© 2013 Khoa Nguyen

Last updated: 2013-07-30

Interpolating Textures


Issues and Resolutions

This is a shader developed for Prisma that takes two or more textures and interpolate between them using another script.



The Shader Must:

- Take at least four textures

- Be able to set the current texture and determine a target texture

- Be able to interpolate between the two textures

- Be able to reset the current texture to stay updated


Other Considerations:

- Toony Lighting

- Rim Lighting based on Texture

- Allow for transparency in models and effects that need it

- Fog based on distance from the camera


Development of Filtered Objects Shader:

This shader turned out to be the standard for Prisma's assets.  The Interpolate Textures shader worked well for assets that would be there no matter the dimension, such as floors and some walls.  However, there were objects that only existed in one or two dimensions.  Of course, it would be possible to add on an additional variable to check if the object is a constant or filtered object and adjust the shader on that. 


There are two schools of thought regarding this.  On one hand, having one shader consolidates all of the information in one spot so the developers can easily switch between the two shader types; on the other hand, separating them allows for easier maintenance and troubleshooting.  I chose to separate them since in the long run I can consolidate them if there is a pressing need, and in the short run I can still tweak them will relatively little trouble.


Shader Variables Types

One of the first basic assumptions I made was the variable types allowed by Unity.  Since we were working in Javascript for the majority of Prisma and were using integers, floats, booleans, and enumerated values in the game scripts, I naturally thought that Unity's shader would take the same types.  As it turns out the shaders could not take booleans or enumerated values.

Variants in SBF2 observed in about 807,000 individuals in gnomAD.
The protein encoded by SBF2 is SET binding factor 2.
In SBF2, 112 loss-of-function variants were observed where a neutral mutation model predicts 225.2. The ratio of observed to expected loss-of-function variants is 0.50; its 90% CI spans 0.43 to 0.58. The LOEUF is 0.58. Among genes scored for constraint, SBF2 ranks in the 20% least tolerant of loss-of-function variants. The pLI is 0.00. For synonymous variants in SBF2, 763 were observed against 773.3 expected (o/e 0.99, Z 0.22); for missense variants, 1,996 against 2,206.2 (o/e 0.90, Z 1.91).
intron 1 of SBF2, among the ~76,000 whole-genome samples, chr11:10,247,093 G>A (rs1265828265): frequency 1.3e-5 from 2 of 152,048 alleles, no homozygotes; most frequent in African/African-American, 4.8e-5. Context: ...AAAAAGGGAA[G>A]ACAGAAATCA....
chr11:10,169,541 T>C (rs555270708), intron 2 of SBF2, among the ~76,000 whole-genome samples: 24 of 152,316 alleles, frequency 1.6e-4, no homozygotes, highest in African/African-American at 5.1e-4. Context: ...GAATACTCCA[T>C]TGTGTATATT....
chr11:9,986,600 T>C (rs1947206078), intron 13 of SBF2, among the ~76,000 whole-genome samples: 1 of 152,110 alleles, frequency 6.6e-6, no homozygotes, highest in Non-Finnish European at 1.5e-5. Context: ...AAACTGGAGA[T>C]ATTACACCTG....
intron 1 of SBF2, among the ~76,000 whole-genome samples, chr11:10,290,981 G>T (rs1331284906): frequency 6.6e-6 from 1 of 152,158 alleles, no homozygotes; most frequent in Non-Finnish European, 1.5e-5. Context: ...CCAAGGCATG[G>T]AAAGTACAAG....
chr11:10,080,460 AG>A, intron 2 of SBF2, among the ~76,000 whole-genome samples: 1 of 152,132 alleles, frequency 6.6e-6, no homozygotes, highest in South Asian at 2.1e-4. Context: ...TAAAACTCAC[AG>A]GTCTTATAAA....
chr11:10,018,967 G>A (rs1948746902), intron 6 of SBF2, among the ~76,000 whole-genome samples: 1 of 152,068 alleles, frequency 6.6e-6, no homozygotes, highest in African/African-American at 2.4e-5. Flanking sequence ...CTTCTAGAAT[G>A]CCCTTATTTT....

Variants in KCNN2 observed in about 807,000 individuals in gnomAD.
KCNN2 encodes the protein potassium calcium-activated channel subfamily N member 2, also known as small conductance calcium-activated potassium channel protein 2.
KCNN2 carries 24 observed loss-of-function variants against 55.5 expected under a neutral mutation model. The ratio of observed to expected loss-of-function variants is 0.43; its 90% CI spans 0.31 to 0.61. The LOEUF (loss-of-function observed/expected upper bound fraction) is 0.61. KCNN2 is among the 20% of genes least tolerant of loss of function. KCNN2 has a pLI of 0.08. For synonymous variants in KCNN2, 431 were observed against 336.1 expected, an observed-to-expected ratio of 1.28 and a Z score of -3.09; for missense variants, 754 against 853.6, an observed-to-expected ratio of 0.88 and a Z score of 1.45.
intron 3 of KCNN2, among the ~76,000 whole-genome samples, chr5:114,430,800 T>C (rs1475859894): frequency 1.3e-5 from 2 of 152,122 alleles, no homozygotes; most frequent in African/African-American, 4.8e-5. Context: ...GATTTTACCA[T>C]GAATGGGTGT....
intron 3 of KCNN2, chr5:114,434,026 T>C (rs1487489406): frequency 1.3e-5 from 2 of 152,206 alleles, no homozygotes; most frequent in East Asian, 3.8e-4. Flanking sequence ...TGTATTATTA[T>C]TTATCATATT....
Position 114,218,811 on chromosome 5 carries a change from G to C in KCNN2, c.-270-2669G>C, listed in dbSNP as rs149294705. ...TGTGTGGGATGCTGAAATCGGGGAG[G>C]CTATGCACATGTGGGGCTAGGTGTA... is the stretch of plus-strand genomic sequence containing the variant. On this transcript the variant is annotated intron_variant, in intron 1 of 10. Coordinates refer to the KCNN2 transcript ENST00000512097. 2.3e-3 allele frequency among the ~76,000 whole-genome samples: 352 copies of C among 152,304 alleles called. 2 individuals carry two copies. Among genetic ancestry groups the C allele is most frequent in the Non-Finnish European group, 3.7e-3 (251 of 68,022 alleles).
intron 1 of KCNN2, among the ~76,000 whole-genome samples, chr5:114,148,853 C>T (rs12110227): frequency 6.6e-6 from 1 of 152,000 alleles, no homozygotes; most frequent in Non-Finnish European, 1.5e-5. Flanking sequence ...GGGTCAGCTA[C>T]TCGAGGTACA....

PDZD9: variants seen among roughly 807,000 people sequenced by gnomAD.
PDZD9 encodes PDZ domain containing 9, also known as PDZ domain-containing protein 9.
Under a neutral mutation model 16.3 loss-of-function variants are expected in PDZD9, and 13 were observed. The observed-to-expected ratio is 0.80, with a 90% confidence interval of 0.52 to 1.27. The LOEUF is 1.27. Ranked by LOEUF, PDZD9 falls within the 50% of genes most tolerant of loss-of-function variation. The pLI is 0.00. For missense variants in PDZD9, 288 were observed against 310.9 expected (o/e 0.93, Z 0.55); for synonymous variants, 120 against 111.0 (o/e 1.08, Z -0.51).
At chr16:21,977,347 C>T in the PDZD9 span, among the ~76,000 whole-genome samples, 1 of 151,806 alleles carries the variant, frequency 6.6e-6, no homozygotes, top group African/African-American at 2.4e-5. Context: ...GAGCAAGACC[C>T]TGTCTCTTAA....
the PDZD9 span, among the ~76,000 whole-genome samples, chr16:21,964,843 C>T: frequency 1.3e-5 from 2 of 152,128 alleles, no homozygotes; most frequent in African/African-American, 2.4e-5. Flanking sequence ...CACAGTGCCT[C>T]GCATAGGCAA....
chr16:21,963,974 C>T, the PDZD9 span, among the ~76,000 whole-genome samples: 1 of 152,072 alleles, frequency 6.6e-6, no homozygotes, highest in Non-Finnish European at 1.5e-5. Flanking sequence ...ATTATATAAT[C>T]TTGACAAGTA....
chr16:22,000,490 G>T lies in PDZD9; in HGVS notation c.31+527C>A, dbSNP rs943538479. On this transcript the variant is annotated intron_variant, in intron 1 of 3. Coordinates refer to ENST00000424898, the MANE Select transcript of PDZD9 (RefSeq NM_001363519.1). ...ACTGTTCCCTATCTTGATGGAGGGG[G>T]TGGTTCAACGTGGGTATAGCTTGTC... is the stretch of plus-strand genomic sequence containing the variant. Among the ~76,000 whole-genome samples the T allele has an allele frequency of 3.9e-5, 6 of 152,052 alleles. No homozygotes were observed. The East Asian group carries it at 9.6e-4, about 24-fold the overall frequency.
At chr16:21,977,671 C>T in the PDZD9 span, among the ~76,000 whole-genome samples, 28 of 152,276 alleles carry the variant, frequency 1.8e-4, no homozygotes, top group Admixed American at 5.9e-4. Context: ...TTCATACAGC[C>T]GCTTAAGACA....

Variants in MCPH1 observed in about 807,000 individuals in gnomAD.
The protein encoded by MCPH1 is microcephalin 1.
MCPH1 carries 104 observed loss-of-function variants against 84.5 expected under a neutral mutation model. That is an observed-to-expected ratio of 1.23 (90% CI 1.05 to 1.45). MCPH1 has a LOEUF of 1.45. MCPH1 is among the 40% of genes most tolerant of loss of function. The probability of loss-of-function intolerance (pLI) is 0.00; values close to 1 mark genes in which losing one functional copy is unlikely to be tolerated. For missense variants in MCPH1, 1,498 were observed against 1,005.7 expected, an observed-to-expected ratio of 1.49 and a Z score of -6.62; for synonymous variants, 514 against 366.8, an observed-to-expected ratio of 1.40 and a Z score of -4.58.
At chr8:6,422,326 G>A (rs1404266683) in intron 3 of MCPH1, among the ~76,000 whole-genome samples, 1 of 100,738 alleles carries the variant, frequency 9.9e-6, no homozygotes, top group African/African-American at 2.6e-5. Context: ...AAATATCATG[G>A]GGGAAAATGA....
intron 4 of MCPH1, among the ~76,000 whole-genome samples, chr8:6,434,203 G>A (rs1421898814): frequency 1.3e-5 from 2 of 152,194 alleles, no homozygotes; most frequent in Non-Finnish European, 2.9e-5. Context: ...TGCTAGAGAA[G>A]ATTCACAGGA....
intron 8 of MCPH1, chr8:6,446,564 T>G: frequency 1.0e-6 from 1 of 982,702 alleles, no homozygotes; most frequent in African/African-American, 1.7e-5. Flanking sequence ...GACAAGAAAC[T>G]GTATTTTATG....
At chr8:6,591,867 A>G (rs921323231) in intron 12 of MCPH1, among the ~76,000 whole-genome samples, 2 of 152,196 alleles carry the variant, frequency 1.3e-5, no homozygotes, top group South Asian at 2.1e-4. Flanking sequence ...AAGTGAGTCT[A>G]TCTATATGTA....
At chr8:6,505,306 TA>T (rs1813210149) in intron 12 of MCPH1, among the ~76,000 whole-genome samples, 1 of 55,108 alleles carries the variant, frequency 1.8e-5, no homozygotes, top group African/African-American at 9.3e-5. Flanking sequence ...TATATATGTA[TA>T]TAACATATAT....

Once I discarded that assumption, the problem became relatively easier.  While I could not pass a boolean or enumerated value directly, I can still pass integers, and booleans at its core is a state that can be defined as 0 and 1 whereas enumerated values can be defined as an array, in this case of integers.  Once that is set up, I can freely pass the different states to the shader and have it determine how to interpolate.


Current and Target Textures

After setting up the state machine to determine which texture to use, there was still the issue of actually interpolating.  Though the target texture was properly set, and the textures interpolated, it kept doing so using the first texture that was inputed in the editor.  As it turns out, I needed to create a current texture variable and keep updating it so that it would know which texture to interpolate from and not always the default texture.



Over the course of developing and maintaining the shader, several passes of optimization were made, some absolutely necessary, some while I was waiting for the next task list.  One of the passes checked if the object is actually seen by the camera at the current time.  If the object is somewhere else in the level that is not currently on camera, it would ignore the calculations for the interpolation.  This made a noticeable difference in the framerate considering that over a hundred draw-calls can be made depending on how many objects and particles inhabit one section of the screen.